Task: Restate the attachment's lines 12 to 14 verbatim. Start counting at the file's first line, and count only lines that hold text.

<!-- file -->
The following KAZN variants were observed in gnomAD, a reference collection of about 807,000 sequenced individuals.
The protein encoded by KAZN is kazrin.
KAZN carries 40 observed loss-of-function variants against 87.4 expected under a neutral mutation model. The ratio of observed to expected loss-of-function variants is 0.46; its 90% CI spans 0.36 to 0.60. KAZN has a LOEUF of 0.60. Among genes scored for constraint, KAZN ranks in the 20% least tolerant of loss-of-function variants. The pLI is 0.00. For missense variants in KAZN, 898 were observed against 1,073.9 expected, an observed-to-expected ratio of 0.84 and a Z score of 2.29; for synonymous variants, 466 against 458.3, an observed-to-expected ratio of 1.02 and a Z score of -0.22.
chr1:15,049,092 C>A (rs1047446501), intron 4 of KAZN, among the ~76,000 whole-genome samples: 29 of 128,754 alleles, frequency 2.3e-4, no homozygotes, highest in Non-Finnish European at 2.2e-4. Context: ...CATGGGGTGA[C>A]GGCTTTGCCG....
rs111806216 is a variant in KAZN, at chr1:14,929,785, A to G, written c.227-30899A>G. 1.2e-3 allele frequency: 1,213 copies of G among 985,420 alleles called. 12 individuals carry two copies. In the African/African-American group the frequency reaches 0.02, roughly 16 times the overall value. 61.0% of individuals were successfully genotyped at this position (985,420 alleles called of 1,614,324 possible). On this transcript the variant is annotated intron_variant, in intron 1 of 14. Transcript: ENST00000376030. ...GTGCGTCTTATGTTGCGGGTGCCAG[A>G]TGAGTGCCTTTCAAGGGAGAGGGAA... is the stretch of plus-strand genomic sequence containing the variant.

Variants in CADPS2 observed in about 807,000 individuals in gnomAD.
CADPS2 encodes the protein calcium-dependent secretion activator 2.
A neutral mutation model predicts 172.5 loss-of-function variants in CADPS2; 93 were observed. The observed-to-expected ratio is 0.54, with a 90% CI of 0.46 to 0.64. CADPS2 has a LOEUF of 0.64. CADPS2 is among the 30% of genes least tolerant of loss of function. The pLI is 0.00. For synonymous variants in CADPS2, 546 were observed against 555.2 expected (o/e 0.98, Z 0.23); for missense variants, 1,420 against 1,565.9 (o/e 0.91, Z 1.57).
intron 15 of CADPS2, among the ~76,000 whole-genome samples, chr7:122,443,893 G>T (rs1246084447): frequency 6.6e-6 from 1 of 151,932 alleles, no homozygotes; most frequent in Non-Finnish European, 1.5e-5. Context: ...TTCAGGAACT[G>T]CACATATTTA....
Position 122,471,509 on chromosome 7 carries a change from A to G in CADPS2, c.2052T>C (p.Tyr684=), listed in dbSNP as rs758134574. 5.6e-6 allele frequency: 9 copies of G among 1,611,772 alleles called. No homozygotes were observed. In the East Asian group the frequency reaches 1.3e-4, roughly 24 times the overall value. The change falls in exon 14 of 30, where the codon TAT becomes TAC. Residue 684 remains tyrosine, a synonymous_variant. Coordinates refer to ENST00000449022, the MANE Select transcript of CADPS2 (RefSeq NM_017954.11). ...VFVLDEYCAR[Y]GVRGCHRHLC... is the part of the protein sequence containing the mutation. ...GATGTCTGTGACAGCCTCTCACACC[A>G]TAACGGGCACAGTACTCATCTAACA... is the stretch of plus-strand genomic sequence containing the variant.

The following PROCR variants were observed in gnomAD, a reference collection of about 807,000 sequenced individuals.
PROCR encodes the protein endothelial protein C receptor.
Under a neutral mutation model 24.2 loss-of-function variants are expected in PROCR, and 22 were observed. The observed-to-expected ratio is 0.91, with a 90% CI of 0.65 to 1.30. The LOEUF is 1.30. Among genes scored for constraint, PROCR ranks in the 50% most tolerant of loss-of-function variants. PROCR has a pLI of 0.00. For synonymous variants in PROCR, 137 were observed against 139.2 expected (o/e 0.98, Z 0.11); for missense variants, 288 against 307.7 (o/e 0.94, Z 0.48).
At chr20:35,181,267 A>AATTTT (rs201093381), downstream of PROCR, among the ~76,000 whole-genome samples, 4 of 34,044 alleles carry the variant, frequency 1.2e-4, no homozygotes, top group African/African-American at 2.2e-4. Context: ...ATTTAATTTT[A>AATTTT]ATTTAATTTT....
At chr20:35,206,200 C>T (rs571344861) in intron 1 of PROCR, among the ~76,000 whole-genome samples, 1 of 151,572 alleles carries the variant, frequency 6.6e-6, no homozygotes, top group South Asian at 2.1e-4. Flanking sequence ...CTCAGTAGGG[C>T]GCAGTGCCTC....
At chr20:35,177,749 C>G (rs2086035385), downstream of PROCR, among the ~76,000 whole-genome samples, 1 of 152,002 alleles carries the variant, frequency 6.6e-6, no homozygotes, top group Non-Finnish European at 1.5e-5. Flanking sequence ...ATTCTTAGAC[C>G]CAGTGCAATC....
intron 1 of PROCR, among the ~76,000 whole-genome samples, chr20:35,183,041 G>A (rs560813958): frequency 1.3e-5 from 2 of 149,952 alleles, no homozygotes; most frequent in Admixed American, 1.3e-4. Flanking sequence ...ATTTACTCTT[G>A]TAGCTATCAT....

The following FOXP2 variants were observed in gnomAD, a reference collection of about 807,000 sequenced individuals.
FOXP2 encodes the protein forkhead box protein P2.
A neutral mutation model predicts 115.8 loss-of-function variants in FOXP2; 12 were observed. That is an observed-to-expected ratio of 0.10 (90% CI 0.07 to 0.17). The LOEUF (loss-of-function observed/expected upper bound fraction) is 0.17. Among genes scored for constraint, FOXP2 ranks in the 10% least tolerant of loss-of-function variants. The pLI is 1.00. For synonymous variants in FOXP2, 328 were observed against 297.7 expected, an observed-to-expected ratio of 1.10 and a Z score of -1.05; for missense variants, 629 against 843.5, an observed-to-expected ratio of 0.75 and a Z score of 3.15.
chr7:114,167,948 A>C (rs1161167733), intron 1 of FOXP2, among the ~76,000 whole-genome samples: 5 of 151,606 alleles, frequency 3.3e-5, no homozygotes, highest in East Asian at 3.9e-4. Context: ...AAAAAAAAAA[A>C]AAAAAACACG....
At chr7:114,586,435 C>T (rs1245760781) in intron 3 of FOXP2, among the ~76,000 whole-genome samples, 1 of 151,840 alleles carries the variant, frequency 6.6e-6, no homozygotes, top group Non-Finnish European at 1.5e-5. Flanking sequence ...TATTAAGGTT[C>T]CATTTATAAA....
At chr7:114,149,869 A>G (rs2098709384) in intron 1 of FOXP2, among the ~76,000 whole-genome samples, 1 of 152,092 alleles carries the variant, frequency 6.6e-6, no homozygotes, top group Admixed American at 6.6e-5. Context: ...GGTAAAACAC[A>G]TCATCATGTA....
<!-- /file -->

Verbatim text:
PROCR encodes the protein endothelial protein C receptor.
Under a neutral mutation model 24.2 loss-of-function variants are expected in PROCR, and 22 were observed. The observed-to-expected ratio is 0.91, with a 90% CI of 0.65 to 1.30. The LOEUF is 1.30. Among genes scored for constraint, PROCR ranks in the 50% most tolerant of loss-of-function variants. PROCR has a pLI of 0.00. For synonymous variants in PROCR, 137 were observed against 139.2 expected (o/e 0.98, Z 0.11); for missense variants, 288 against 307.7 (o/e 0.94, Z 0.48).
At chr20:35,181,267 A>AATTTT (rs201093381), downstream of PROCR, among the ~76,000 whole-genome samples, 4 of 34,044 alleles carry the variant, frequency 1.2e-4, no homozygotes, top group African/African-American at 2.2e-4. Context: ...ATTTAATTTT[A>AATTTT]ATTTAATTTT....